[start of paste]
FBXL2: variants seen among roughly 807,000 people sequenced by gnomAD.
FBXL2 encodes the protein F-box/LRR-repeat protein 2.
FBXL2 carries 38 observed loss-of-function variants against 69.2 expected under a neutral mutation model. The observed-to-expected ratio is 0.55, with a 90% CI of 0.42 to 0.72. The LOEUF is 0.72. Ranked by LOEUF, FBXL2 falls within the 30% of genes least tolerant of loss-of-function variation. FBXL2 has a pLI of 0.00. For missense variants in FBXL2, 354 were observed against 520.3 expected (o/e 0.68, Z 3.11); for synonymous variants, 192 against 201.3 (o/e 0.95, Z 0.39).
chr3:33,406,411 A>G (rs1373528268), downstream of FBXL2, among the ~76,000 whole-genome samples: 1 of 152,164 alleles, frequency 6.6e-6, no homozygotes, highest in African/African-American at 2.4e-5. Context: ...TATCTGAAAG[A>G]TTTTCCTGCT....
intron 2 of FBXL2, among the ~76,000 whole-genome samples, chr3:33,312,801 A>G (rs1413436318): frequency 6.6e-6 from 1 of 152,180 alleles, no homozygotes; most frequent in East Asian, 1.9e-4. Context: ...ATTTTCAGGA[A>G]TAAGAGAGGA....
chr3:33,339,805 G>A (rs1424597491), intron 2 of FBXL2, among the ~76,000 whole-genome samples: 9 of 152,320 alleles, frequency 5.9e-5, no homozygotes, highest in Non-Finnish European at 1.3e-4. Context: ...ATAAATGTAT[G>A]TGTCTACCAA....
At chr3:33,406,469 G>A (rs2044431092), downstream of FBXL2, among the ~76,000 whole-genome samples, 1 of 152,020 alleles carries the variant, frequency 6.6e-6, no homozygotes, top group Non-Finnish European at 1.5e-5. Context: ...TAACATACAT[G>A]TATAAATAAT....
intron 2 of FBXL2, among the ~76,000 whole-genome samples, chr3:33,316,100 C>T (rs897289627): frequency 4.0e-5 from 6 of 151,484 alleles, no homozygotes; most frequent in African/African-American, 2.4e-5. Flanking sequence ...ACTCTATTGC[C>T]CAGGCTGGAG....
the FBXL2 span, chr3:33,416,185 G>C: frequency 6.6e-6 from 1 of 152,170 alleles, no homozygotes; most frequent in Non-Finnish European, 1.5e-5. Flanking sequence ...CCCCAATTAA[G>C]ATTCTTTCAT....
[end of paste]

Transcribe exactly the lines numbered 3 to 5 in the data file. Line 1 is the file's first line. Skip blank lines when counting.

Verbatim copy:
FBXL2 carries 38 observed loss-of-function variants against 69.2 expected under a neutral mutation model. The observed-to-expected ratio is 0.55, with a 90% CI of 0.42 to 0.72. The LOEUF is 0.72. Ranked by LOEUF, FBXL2 falls within the 30% of genes least tolerant of loss-of-function variation. FBXL2 has a pLI of 0.00. For missense variants in FBXL2, 354 were observed against 520.3 expected (o/e 0.68, Z 3.11); for synonymous variants, 192 against 201.3 (o/e 0.95, Z 0.39).
chr3:33,406,411 A>G (rs1373528268), downstream of FBXL2, among the ~76,000 whole-genome samples: 1 of 152,164 alleles, frequency 6.6e-6, no homozygotes, highest in African/African-American at 2.4e-5. Context: ...TATCTGAAAG[A>G]TTTTCCTGCT....
intron 2 of FBXL2, among the ~76,000 whole-genome samples, chr3:33,312,801 A>G (rs1413436318): frequency 6.6e-6 from 1 of 152,180 alleles, no homozygotes; most frequent in East Asian, 1.9e-4. Context: ...ATTTTCAGGA[A>G]TAAGAGAGGA....